I’ve been under the weather for the last week or so. That’s not an excuse, but it’s the truth. I feel like a battleground between the adversary on one side, and the angelic host with the Holy Spirit’s backing on the other. Last night was another moment in the conflict, where my health was both the arsenal and the battleground. Whenever I get as sick as I did last night, the devil likes to see if he can push me over the edge and give up. Then the Lord props me up and gets me through the night, and in the morning the world resumes its course.
But the thing is, you can’t blame the devil for my disease. That’s not his fault.
God did that.
Remember, God is in charge of everything at all times. Everything. Always. To claim the devil was doing anything without God’s knowledge or permission is outrageous.
In the book of Job, God is the One Who gives permission to Satan to take from Job all of his possessions, his children, and even his health. Anything that happens to him – and by extension, us – goes through the Boss first.
When Job has everything taken away, he still praises God – “Shall we receive good from God, and shall we not receive evil?” (Job 2:10). His point was that all things come from God, good and bad.
His three “friends”, Eliphaz the Temanite, Bildad the Shuhite, and Zophar the Naamathite, subscribe to a theory about God that many people subscribe to today. (This theory, by the way, is completely ludicrous.)
The three espoused a version of what’s commonly referred to as the “prosperity gospel“: Righteous people are rewarded by God with good stuff on earth. Sinful people are punished by having less good stuff during their time on earth. Righteous people live happy, carefree earthly lives; sinful people have nothing but trouble on earth.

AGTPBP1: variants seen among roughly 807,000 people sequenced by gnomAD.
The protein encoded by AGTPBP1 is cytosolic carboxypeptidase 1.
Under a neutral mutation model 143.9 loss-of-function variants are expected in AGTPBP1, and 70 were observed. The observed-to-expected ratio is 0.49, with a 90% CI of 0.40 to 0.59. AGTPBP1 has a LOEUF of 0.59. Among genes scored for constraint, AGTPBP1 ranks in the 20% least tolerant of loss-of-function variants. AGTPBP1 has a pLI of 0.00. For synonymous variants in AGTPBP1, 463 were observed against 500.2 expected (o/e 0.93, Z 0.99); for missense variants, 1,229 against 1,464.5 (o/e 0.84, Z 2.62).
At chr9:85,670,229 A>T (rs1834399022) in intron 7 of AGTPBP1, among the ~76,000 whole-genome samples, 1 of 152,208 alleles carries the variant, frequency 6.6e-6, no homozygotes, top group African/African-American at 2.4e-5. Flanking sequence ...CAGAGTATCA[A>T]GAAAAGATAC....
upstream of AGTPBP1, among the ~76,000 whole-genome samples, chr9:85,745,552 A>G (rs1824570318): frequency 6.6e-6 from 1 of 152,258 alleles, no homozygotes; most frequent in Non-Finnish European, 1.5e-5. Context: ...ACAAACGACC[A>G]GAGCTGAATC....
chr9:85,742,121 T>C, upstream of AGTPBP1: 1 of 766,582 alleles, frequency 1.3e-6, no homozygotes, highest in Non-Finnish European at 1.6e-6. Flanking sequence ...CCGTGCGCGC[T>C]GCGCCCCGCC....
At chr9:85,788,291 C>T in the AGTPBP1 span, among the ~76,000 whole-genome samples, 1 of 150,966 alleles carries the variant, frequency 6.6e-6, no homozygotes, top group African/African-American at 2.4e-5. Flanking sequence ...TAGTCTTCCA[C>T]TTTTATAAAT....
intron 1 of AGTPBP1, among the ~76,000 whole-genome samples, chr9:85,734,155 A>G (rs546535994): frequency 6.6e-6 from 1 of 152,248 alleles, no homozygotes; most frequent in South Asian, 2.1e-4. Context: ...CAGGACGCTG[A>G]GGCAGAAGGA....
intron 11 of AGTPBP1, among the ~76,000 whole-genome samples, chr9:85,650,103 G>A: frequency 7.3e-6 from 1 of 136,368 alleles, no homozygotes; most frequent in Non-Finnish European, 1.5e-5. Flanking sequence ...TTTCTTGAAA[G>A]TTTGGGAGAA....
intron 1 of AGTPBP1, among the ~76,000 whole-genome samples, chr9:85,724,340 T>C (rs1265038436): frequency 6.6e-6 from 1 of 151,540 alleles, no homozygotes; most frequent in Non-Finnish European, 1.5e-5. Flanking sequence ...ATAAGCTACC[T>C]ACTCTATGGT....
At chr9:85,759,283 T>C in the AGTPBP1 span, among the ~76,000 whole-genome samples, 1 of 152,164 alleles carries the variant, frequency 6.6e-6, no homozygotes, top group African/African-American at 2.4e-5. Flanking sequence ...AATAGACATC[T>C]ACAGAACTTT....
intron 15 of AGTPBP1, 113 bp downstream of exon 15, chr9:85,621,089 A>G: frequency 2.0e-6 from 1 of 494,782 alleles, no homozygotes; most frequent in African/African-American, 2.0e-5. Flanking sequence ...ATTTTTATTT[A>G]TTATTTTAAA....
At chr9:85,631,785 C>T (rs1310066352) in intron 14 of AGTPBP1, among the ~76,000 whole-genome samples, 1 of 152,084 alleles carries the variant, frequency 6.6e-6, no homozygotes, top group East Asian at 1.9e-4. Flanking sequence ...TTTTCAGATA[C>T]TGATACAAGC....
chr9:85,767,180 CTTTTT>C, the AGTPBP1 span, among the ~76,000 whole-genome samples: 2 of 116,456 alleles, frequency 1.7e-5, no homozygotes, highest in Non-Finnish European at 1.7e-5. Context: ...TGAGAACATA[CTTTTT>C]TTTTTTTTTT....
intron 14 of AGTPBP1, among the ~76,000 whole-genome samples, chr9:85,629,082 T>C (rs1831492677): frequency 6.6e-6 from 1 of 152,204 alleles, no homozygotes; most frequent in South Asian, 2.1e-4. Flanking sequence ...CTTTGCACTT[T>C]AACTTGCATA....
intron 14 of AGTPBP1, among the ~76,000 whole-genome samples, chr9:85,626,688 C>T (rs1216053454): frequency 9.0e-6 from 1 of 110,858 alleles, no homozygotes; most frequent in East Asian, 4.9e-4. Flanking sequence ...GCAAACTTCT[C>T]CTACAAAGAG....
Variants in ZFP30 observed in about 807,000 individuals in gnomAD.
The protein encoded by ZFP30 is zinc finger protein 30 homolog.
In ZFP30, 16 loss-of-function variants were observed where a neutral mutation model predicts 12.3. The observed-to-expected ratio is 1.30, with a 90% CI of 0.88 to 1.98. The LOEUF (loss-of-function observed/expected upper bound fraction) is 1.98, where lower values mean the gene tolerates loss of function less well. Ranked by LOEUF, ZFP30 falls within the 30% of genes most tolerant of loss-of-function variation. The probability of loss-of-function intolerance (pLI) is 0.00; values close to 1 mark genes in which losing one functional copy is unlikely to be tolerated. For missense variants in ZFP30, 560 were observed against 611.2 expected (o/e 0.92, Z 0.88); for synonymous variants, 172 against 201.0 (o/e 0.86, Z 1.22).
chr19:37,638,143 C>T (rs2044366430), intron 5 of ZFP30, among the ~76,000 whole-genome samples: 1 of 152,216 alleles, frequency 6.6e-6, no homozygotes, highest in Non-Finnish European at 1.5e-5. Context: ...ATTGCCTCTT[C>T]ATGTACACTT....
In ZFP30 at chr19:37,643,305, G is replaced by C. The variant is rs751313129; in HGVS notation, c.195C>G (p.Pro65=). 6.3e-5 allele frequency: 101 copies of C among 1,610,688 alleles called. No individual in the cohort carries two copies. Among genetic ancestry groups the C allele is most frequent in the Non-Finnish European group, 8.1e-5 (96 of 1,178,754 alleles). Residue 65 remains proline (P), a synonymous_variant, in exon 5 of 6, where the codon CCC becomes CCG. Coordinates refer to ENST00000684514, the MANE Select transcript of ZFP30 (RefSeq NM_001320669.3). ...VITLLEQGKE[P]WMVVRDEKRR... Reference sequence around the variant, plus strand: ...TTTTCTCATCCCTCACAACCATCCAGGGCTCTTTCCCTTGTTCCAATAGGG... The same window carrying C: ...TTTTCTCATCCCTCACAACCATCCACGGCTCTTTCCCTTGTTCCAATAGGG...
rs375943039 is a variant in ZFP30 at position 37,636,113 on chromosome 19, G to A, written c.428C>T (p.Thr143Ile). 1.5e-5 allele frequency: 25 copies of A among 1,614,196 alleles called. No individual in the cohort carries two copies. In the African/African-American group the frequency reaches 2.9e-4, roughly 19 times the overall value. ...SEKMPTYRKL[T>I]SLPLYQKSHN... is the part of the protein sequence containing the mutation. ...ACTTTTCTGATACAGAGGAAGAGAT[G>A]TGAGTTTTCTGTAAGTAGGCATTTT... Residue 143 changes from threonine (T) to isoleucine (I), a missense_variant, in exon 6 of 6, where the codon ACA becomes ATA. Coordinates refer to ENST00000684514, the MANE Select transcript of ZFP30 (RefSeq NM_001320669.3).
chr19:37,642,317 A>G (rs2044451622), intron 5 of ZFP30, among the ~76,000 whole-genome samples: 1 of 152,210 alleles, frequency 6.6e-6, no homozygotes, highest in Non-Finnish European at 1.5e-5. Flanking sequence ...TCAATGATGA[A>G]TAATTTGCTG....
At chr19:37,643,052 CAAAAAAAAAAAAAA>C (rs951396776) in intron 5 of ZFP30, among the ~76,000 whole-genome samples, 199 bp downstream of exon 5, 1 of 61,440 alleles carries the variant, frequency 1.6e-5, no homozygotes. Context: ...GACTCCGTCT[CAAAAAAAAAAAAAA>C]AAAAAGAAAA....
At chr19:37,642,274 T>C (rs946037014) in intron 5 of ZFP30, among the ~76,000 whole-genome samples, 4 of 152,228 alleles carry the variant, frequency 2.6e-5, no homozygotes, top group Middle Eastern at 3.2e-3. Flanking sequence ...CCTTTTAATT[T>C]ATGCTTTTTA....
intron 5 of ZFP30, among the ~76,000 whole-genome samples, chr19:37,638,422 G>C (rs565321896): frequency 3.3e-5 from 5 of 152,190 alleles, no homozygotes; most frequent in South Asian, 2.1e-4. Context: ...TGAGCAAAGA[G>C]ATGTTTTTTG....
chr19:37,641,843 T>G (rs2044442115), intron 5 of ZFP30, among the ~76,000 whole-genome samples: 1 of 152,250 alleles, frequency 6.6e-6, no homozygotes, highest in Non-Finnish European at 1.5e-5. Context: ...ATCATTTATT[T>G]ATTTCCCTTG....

This is a wonderful theory to push – if you’re the devil.
The way to disprove this load of rubbish is easy: take a look at the righteous apostles who were the first to live the Christian life, preaching and sharing the Gospel with whomever then could find. If the prosperity gospel was true, they would have lived happy, financially successful lives, right?
Peter was crucified upside down. James was killed by a spear. John was imprisoned on Patmos after dumping him into a vat of boiling oil didn’t kill him.
And, of course, the man who was the most righteous apostle, the man most responsible for the growth of Christianity following the life and death of Jesus Christ, the apostle Paul, lived a life that – well, Joel Osteen would not have acknowledged as “successful”…(This is from 2nd Corinthians 11: 24-28, 32-33)
Five times I received at the hands of the Jews the forty lashes less one. Three times I was beaten with rods. Once I was stoned. Three times I was shipwrecked; a night and a day I was adrift at sea; on frequent journeys, in danger from rivers, danger from robbers, danger from my own people, danger from Gentiles, danger in the city, danger in the wilderness, danger at sea, danger from false brothers; in toil and hardship, through many a sleepless night, in hunger and thirst, often without food, in cold and exposure. And, apart from other things, there is the daily pressure on me of my anxiety for all the churches.